2) Sharding Assistance

In addition to improved concurrent transaction processing, the Firedancer client supports sharding. As the network grows, this can improve scalability and allow the Solana blockchain to scale horizontally.

3) Networking and peer-to-peer communication

To improve the efficiency and speed of block and transaction propagation, the Firedancer client includes optimized networking and P2P communication protocols. This is accomplished by employing techniques like compression and batching, which can reduce the data that must be transmitted across the network.

4) Enhanced Consensus Protocol

The Firedancer client employs a modified version of the Solana consensus protocol, a proof-of-stake (PoS) protocol that enables validators to participate in the consensus process and earn rewards for their network contributions. Firedancer’s modified version is intended to be more efficient and reliable than the original protocol. Firedancer is an addition to the already active Solana validator client, not a replacement.

Why does 1 million TPS matter?

A blockchain with 1 million TPS will have several unique benefits:

  • It enables a blockchain to process many transactions quickly, which is necessary for the industry to reach 1 billion users.
  • It improves user experience. A low TPS rate can hinder the user experience because it takes longer to complete a token swap, buy an NFT, or use a dApp.
  • It improves security. A high TPS can also make a blockchain less susceptible to spam attacks. Currently, if spam bots request more transactions than the network can handle, it can cause the network to shut down for extended periods, as has been observed with Solana in recent years.
  • It unlocks new use cases, like a 24/7 decentralized stock exchange.

After deduplication in a synthetic load test, the Firedancer client processed 1.2 million raw TPS and 600,000 TPS.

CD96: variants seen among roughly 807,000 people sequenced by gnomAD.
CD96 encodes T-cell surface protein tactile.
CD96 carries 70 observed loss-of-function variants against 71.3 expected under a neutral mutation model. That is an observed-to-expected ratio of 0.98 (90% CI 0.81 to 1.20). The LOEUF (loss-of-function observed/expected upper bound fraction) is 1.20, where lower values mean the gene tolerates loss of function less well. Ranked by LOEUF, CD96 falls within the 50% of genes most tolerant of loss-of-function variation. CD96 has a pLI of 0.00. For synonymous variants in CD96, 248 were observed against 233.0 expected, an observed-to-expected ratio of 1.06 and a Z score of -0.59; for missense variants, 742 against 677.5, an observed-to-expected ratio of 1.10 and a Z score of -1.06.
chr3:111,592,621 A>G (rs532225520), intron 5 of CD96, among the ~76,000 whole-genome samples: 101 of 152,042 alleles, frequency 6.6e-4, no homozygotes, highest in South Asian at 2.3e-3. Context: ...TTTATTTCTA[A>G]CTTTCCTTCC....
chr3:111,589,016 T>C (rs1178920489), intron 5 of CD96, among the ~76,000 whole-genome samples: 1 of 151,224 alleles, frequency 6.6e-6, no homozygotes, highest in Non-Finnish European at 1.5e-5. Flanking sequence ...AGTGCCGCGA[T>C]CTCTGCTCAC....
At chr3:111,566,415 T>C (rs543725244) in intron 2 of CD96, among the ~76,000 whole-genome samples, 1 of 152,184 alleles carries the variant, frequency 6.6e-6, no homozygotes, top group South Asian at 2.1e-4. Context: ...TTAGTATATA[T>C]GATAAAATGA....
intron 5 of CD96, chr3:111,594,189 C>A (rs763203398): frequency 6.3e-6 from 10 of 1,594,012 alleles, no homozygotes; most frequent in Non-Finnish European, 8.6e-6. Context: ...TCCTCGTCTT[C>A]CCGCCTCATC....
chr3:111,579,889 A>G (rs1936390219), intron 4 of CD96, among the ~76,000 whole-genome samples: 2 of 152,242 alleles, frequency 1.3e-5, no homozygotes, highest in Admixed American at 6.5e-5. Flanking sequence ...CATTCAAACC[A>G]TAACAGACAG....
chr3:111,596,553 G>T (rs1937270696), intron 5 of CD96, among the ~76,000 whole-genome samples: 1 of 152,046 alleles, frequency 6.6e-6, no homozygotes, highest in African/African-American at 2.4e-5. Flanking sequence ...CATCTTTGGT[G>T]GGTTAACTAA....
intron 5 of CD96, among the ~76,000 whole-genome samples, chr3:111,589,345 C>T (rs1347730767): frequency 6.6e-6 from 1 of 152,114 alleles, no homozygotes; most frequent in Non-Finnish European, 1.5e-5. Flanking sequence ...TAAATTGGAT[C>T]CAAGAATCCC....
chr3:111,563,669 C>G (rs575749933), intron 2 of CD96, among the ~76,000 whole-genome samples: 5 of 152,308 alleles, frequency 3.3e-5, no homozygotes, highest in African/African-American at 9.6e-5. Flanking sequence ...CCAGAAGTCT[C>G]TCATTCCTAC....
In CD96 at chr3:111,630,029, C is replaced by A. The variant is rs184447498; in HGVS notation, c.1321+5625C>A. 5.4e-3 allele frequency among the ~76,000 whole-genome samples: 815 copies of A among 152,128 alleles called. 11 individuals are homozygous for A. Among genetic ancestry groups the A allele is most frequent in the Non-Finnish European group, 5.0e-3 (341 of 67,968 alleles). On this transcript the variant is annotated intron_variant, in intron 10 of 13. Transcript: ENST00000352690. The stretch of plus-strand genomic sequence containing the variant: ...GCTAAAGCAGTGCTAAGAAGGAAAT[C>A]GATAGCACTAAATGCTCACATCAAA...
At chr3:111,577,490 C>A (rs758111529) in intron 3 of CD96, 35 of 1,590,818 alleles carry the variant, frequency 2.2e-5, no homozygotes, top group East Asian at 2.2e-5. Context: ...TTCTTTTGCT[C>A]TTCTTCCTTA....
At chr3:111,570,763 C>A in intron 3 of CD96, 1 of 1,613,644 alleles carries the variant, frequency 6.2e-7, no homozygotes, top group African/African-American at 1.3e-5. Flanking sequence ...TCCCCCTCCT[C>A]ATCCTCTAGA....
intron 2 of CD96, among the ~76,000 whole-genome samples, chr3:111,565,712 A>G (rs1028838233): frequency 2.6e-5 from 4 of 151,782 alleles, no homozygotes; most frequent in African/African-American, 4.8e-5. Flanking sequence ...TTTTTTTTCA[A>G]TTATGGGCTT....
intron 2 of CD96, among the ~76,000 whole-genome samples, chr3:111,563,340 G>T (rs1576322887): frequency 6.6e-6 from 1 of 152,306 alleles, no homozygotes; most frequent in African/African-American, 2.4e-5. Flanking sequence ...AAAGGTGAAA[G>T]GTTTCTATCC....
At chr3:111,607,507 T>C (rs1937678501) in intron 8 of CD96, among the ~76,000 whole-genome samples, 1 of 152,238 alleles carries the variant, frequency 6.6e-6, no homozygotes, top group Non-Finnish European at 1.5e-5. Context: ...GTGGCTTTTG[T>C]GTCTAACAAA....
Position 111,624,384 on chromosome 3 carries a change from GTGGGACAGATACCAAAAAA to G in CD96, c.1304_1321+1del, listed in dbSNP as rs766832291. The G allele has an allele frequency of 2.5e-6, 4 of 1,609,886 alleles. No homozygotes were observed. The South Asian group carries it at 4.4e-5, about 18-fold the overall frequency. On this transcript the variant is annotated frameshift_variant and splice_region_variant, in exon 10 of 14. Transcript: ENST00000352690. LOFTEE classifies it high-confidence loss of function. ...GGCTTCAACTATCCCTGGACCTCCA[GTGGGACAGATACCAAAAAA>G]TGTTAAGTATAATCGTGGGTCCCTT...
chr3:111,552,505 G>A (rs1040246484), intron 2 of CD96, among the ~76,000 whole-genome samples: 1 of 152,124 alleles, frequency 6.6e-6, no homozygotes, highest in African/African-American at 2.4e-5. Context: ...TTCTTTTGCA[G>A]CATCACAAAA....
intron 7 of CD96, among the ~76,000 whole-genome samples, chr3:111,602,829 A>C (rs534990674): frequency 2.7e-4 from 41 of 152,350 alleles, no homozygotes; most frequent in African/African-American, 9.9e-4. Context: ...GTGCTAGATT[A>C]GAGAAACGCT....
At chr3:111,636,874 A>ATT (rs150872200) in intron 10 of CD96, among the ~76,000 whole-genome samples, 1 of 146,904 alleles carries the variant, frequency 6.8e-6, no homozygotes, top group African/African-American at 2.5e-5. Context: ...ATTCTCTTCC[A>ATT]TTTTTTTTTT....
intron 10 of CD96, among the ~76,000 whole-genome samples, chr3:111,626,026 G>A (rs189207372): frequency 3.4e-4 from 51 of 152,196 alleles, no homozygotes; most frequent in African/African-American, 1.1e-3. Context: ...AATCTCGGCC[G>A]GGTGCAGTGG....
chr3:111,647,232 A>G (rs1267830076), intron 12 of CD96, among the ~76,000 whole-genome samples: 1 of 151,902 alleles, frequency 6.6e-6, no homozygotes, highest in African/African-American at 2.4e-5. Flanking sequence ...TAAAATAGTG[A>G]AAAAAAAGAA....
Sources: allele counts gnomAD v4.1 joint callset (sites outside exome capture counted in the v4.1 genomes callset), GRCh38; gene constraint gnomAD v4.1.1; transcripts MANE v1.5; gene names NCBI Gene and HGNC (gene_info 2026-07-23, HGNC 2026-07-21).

1️⃣ Jump Ecosystem

Firedancer may be Jump’s most ambitious project yet. Their goal is to drastically increase Solana’s networking throughput, efficiency, and resiliency over the next 12 months, with a significantly greater result within 24 months.

These are some of Jump’s projects :

A) Cyclone

Zero Knowledge proofs are an important building block for blockchains, providing scalability and privacy.

Efficient proof generation is crucial for their success, and Jump has used their hardware, FPGA design, and crypto expertise to speed up the core components of ZK systems.

Their code is open-source and aimed at contributing to the future of ZK.

  • Jump used well-known techniques in elliptic curve cryptography, including the bucket method (Pippenger algorithm) for bucket accumulation, aggregation, and final result. They initially intended to do bucket accumulation in hardware and aggregation on the host, but it was too slow, so they ended up doing bucket aggregation in the FPGA.
  • Jump also used extended Twisted Edwards coordinates for elliptic curve arithmetic because BLS12-377 supports them. They incorporated a trick that enables a curve addition with just seven field multiplications, which reduces FPGA resource requirements.
  • For field arithmetic at 377 bits, they tried different methods, including using Montgomery representation, CIOS, and various multiplication techniques such as schoolbook, Karatsuba, and Toom-Cook methods.

RESULT 1 : Jump created a fully pipelined elliptic curve adder in extended Twisted Edwards coordinates that operates at 250MHz and uses seven field multipliers, resulting in a 2 orders of magnitude faster addition.

RESULT 2 : Delayed Scheduler